Saturday 11 January 2014

Scunthorpe parkrun

I haven’t seen my Dad for a while, so I popped up to Scunthorpe (town known most famously for steel and being a bit rude) after work on Friday – cheap advance train tickets for the win. And seeing as I’m here, what better opportunity to take in Scunthorpe parkrun?

A beautiful parkrunday in the North

Scunthorpe parkrun started last year while I was complaining about being injured (though admittedly, that doesn’t pin it down much).  I was annoyed I couldn’t come and enjoy it at the time, so it’s been up near the top of my to-do list for a while.

Dad drove me up to ThePods (sorry about the terrible page) – a newish leisure complex so called because each unit looks a bit like a futuristic pop-up habitation module. Just add distant mountains, desert, and twin suns.

The Pods - leisure complex (photo from here)

The course is two laps, all on smooth fast paved path with the exception of a 50m trail section through some trees and a short segment on footpath by a road. It’s fairly flat with some gentle ups and downs but nothing I’d count as a hill. A few dead turns mean it won’t be a full PB course, but the top quality surface helps keep the pace up.

Course map shows a podless Scunthorpe (from here)

Dad gave me a lift and got me there nice and early. I decided to warm up for once – a few repetitions of high-knees/bum-kicks/sideways running/spin-ups. It was pretty cold, 3 degrees according to the car, but very clear and bright. Perfect conditions for a run.

There were three pacers announced on the start line – 22, 26, and 30 minutes. Each had a large label on their back. I fancied a bit of effort so planned set off behind the 22-minute pacer and to let him slowly drift away.

We have ignition - Scunthorpe parkrun is GO! (photo by my Dad)

With the fastest countdown ever (10 down to GO! in about 4 seconds) we were off! I felt good having warmed up well, and kept the 22-minute guy in sight. He had a little cluster around him but I wasn’t feeling 22-minute brave. He drifted away over the first couple of km and I found some new people to play with. First a kid who was boinging along like he was on springs. His biggest problem was dealing with weighing so little – every time he pushed off he sprang into the air! If he could use that energy to go forwards he’d whip the lot of us.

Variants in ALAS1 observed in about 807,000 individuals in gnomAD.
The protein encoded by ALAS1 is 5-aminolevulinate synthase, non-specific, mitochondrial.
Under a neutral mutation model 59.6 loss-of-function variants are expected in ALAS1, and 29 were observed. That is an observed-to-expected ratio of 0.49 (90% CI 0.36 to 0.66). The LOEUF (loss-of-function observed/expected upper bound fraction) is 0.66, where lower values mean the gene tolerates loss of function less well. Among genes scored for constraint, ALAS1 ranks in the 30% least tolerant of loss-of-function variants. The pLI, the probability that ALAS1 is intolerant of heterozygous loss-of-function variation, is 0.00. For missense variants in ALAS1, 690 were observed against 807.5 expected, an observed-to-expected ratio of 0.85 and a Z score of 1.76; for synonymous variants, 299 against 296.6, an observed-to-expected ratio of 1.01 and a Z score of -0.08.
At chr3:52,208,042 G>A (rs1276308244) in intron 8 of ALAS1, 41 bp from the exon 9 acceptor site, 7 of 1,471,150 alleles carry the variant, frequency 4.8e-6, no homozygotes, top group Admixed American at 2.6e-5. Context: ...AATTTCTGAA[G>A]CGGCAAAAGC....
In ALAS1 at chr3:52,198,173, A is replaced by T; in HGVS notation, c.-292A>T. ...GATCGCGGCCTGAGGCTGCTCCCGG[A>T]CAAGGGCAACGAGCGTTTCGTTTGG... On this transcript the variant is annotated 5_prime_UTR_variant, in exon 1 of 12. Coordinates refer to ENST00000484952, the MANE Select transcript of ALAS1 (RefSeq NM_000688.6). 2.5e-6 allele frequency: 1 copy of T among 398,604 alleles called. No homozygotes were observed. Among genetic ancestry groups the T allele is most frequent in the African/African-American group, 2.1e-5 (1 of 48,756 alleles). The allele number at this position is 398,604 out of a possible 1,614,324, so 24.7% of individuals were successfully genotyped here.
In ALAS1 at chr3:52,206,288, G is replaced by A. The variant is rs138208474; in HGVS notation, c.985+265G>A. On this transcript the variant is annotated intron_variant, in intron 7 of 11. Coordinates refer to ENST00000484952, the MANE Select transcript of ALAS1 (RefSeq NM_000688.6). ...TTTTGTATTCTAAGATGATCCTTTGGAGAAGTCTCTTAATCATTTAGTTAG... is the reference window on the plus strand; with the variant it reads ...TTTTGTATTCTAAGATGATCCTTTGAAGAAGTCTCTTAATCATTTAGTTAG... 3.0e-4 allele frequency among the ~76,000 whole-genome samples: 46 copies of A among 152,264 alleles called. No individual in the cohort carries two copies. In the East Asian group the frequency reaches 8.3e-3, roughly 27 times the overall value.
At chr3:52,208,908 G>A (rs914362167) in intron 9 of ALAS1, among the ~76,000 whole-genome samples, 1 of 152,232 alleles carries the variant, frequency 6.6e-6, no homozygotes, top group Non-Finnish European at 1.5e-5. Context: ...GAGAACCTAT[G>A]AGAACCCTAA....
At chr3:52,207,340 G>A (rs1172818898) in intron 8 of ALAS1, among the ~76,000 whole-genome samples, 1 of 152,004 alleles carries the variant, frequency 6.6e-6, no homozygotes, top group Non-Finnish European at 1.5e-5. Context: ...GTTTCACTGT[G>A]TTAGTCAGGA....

I left him behind during the third kilometre and found a new target, an older chap in a blue top who I had been slowly reeling in. I set my sights on him and put a bit of effort in. I eventually caught him with 500m to go and pushed past – I couldn’t make a gap though so he took me back with 250m left. I let him stay ahead by a couple of metres and vowed to take him in a sprint finish. I pushed hard and took him about 1m from the line!

Most glorious sprint finish, the battle for 62nd place has never been so tough (photo by my Dad)

I thought at first I’d run a “comeback PB” (Personal Best time since coming back from injury) – but further examination shows I hadn’t, it was my 4th fastest time. I’m still pleased with 23:38 – it felt good and controlled, and I had plenty left for an effort at the end. Most importantly, I didn’t feel a single twinge from either my left knee or my Achilles tendons – both of which have been a little bit niggly of late.